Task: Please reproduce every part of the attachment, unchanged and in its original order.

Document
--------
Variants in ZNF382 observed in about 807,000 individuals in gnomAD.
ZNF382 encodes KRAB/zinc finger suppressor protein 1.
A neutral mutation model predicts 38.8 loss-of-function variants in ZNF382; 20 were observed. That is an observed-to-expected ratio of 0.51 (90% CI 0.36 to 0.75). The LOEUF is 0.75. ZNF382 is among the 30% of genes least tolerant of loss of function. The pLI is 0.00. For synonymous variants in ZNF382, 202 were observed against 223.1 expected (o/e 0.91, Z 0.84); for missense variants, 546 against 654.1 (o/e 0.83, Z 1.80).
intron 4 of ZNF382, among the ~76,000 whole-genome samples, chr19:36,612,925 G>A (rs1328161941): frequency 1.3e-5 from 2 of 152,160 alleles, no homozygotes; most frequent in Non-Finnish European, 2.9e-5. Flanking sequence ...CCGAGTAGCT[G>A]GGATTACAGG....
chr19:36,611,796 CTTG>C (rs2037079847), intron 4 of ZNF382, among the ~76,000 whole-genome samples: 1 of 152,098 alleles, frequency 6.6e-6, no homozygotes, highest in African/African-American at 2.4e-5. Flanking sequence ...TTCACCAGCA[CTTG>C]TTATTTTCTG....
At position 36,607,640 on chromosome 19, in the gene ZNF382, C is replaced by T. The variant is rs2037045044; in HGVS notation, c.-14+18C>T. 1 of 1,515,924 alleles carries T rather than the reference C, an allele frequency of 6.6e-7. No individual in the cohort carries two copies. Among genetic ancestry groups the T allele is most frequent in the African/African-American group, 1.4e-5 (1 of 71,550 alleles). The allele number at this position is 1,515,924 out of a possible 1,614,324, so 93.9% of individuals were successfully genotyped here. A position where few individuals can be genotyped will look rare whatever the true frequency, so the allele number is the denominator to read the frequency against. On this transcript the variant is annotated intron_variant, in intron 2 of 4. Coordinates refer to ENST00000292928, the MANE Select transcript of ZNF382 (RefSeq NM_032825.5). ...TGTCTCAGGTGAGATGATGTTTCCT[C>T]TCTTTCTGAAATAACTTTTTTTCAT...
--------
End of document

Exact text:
Variants in ZNF382 observed in about 807,000 individuals in gnomAD.
ZNF382 encodes KRAB/zinc finger suppressor protein 1.
A neutral mutation model predicts 38.8 loss-of-function variants in ZNF382; 20 were observed. That is an observed-to-expected ratio of 0.51 (90% CI 0.36 to 0.75). The LOEUF is 0.75. ZNF382 is among the 30% of genes least tolerant of loss of function. The pLI is 0.00. For synonymous variants in ZNF382, 202 were observed against 223.1 expected (o/e 0.91, Z 0.84); for missense variants, 546 against 654.1 (o/e 0.83, Z 1.80).
intron 4 of ZNF382, among the ~76,000 whole-genome samples, chr19:36,612,925 G>A (rs1328161941): frequency 1.3e-5 from 2 of 152,160 alleles, no homozygotes; most frequent in Non-Finnish European, 2.9e-5. Flanking sequence ...CCGAGTAGCT[G>A]GGATTACAGG....
chr19:36,611,796 CTTG>C (rs2037079847), intron 4 of ZNF382, among the ~76,000 whole-genome samples: 1 of 152,098 alleles, frequency 6.6e-6, no homozygotes, highest in African/African-American at 2.4e-5. Flanking sequence ...TTCACCAGCA[CTTG>C]TTATTTTCTG....
At position 36,607,640 on chromosome 19, in the gene ZNF382, C is replaced by T. The variant is rs2037045044; in HGVS notation, c.-14+18C>T. 1 of 1,515,924 alleles carries T rather than the reference C, an allele frequency of 6.6e-7. No individual in the cohort carries two copies. Among genetic ancestry groups the T allele is most frequent in the African/African-American group, 1.4e-5 (1 of 71,550 alleles). The allele number at this position is 1,515,924 out of a possible 1,614,324, so 93.9% of individuals were successfully genotyped here. A position where few individuals can be genotyped will look rare whatever the true frequency, so the allele number is the denominator to read the frequency against. On this transcript the variant is annotated intron_variant, in intron 2 of 4. Coordinates refer to ENST00000292928, the MANE Select transcript of ZNF382 (RefSeq NM_032825.5). ...TGTCTCAGGTGAGATGATGTTTCCT[C>T]TCTTTCTGAAATAACTTTTTTTCAT...